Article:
Former Republican Majority Leader Dick Armey is guestblogging over at Time's political weblog http://time-blog.com/swampland/. There are two questions I wish somebody would ask him.
(1) You are a committed shrink-the-state small-government Republican. Yet you carried a huge number of buckets of water for the Bushies in 2001 and 2002 as they expanded the federal government substantially while making no provision for funding the increased spending. You did this without pushing back at all--thus serving as a good soldier for policies that you thought were destructive and unpatriotic. Why?
(2) You are a committed civil libertarian. Yet you carried a huge number of buckets of water for the Bushies in 2001 and 2002 as threw a great many procedural protections of constitutional rights overboard. You did this without pushing back at all--serving as a good soldier for policies that you thought were destructive and unpatriotic. Why?
It would be a service to the public and to history if Armey's feet were to be held to the fire until he explains just what the hell he thought he was doing in 2001 and 2002. He certainly broke the hearts of people I know who believed in him.
When I met Armey in 2004, you see, he talked a very good game as a committed small-government fiscally-prudent libertarian conservative. And the small-government conservative plan at the start of 2001 was to (a) use the fact that Bush had run his campaign promising a big tax cut to pass a big tax cut, (b) use the procedural requirements of the Budget Enforcement Act to attach promises of future spending growth restraint to the tax cut, and then (c) actually enforce the spending caps adopted. All of these linkages are important: as Bill Niskanen argues these days (and as Jim Buchanan argued three decades ago) deficit-causing tax cuts are worse than useless as far as achieving small-government ends in the long run are concerned.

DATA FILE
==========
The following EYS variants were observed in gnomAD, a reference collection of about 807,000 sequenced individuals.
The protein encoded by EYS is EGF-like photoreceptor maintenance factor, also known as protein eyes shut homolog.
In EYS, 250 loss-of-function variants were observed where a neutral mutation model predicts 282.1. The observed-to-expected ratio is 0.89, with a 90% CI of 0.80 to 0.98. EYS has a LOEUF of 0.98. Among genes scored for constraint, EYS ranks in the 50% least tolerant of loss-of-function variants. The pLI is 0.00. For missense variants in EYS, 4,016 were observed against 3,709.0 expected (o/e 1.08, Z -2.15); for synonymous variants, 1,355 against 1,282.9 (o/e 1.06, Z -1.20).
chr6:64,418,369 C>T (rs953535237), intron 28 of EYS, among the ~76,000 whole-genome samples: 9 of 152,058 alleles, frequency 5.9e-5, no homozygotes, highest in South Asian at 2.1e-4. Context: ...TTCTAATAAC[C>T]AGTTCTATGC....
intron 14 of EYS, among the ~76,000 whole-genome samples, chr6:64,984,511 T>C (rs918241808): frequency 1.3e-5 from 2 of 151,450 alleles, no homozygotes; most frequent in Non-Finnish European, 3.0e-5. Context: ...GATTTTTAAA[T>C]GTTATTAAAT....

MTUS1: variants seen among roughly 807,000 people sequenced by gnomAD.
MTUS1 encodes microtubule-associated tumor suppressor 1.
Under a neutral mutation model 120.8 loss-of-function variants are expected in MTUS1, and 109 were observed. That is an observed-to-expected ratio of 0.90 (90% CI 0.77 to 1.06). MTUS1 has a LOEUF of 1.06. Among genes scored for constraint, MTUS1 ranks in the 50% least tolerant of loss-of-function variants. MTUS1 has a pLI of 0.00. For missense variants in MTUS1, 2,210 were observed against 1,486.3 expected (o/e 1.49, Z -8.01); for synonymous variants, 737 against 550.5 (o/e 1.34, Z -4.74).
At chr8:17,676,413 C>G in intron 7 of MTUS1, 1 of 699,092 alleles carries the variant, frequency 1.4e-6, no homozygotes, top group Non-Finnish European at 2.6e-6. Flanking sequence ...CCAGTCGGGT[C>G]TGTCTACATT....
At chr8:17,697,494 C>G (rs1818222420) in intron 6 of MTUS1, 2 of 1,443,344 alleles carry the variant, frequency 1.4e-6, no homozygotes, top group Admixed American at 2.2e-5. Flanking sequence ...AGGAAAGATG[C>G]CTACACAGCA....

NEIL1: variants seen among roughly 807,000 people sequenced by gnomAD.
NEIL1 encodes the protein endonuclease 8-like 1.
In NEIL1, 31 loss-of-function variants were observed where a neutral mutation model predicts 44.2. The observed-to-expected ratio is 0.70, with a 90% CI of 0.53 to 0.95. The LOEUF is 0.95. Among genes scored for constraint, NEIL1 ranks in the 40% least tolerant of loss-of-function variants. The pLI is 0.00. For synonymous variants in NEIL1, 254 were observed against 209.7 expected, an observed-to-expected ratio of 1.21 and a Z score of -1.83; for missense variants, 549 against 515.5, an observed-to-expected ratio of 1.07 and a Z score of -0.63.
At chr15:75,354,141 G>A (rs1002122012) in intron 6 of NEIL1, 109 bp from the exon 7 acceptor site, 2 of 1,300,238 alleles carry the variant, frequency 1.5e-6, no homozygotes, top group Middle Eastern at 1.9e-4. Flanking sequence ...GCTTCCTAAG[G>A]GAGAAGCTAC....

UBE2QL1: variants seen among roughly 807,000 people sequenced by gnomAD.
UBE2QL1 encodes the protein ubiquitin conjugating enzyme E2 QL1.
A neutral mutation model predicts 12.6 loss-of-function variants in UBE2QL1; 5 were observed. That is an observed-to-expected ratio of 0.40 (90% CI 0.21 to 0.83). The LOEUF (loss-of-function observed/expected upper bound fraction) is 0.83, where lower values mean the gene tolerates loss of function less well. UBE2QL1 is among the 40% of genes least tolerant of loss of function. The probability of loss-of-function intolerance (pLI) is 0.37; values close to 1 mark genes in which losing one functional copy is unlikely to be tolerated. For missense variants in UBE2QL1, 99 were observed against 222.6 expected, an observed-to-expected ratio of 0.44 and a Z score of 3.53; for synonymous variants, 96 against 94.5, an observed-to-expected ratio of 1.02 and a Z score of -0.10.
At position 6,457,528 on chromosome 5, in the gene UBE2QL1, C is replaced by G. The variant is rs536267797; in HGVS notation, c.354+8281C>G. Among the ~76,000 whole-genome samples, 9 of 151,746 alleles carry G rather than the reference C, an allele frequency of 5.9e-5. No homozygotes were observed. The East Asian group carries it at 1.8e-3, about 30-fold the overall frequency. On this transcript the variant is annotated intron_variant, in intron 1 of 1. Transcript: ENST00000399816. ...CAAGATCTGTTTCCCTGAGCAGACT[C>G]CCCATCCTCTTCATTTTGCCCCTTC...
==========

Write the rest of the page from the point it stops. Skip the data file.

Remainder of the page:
Yet Armey punted on this agenda at almost every opportunity during the 2001-2002 term in which he was Majority Leader. Consider:
- The--big--decision in 2001 and 2002 to abandon the procedural restraints of the 1991 Budget Enforcement Act--PAYGO and its cousins.
- The--big--decision to make the fiscal impact of the tax cut look smaller by "sunsetting" it after nine years.
- The leadership's direction that CBO lowball the assumed future discretionary spending growth rate in order to make the budget picture look rosier than it truly was http://nationaljournal.com/members/buzz/2001/budget/020601.htm
- The rejection of Greenspan's and O'Neill's advice to make the full implementation of the 2001 tax cuts contingent on successful spending restraint.
- The leadership's decision in 2001 to use Mitch Daniels's OMB numbers--biased and cooked--rather than CBO numbers during the tax debate.
- The leadership's decision in 2001 to ignore the spending growth cap it had passed in its own budget resolution.
- The leadership's acquiescence in OMB's delay of its 2001 mid-session review in order to avoid having to deal with bad budget news that would have forced either smaller tax cuts or more spending restraint during the summer.
- The leadership's decision in the summer-of-2001 to shift the budget goalposts from "not raising the national debt" (i.e., balancing the budget without counting the Social Security and Medicare surpluses as net revenue) to "balancing the budget" (i.e., counting the Social Security and Medicare surpluses as net revenue).
- The leadership's decision not to offer tax increases to fund the war against Osama bin Laden.
- The leadership's decision to use "emergency supplementals" for expected and foreseen spending--not for true surrise emergencies.
- The 2002 passing of a "stimulus" bill after Greenspan had called the end of the recession it was supposed to cure.
- The 2002 farm bill.
- The breaking of the House's version of the budget resolution spending caps when it came time to actually pass fiscal-2003 appropriations.
- In fact, the lack of any spending growth restraint at all in the fiscal 2003 appropriations.
I won't even speak of Armey's role in the Bush "security" agenda after 911.